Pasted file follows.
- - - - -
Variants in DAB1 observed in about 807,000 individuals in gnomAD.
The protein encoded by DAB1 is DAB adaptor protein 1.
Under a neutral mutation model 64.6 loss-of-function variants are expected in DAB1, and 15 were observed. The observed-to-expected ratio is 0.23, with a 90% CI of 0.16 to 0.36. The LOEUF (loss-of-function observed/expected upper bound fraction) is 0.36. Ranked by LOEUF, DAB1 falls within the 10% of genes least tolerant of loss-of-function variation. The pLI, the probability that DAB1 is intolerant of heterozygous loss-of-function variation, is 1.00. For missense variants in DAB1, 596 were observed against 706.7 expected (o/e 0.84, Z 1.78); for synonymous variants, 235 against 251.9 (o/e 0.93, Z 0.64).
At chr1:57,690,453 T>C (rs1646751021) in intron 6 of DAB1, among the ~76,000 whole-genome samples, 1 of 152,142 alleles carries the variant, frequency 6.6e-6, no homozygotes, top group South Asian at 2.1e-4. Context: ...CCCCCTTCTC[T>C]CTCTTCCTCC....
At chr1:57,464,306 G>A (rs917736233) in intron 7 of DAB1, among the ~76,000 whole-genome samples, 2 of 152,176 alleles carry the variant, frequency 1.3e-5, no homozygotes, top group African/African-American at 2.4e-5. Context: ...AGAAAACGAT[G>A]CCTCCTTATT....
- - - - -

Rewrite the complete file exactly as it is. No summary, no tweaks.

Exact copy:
Variants in DAB1 observed in about 807,000 individuals in gnomAD.
The protein encoded by DAB1 is DAB adaptor protein 1.
Under a neutral mutation model 64.6 loss-of-function variants are expected in DAB1, and 15 were observed. The observed-to-expected ratio is 0.23, with a 90% CI of 0.16 to 0.36. The LOEUF (loss-of-function observed/expected upper bound fraction) is 0.36. Ranked by LOEUF, DAB1 falls within the 10% of genes least tolerant of loss-of-function variation. The pLI, the probability that DAB1 is intolerant of heterozygous loss-of-function variation, is 1.00. For missense variants in DAB1, 596 were observed against 706.7 expected (o/e 0.84, Z 1.78); for synonymous variants, 235 against 251.9 (o/e 0.93, Z 0.64).
At chr1:57,690,453 T>C (rs1646751021) in intron 6 of DAB1, among the ~76,000 whole-genome samples, 1 of 152,142 alleles carries the variant, frequency 6.6e-6, no homozygotes, top group South Asian at 2.1e-4. Context: ...CCCCCTTCTC[T>C]CTCTTCCTCC....
At chr1:57,464,306 G>A (rs917736233) in intron 7 of DAB1, among the ~76,000 whole-genome samples, 2 of 152,176 alleles carry the variant, frequency 1.3e-5, no homozygotes, top group African/African-American at 2.4e-5. Context: ...AGAAAACGAT[G>A]CCTCCTTATT....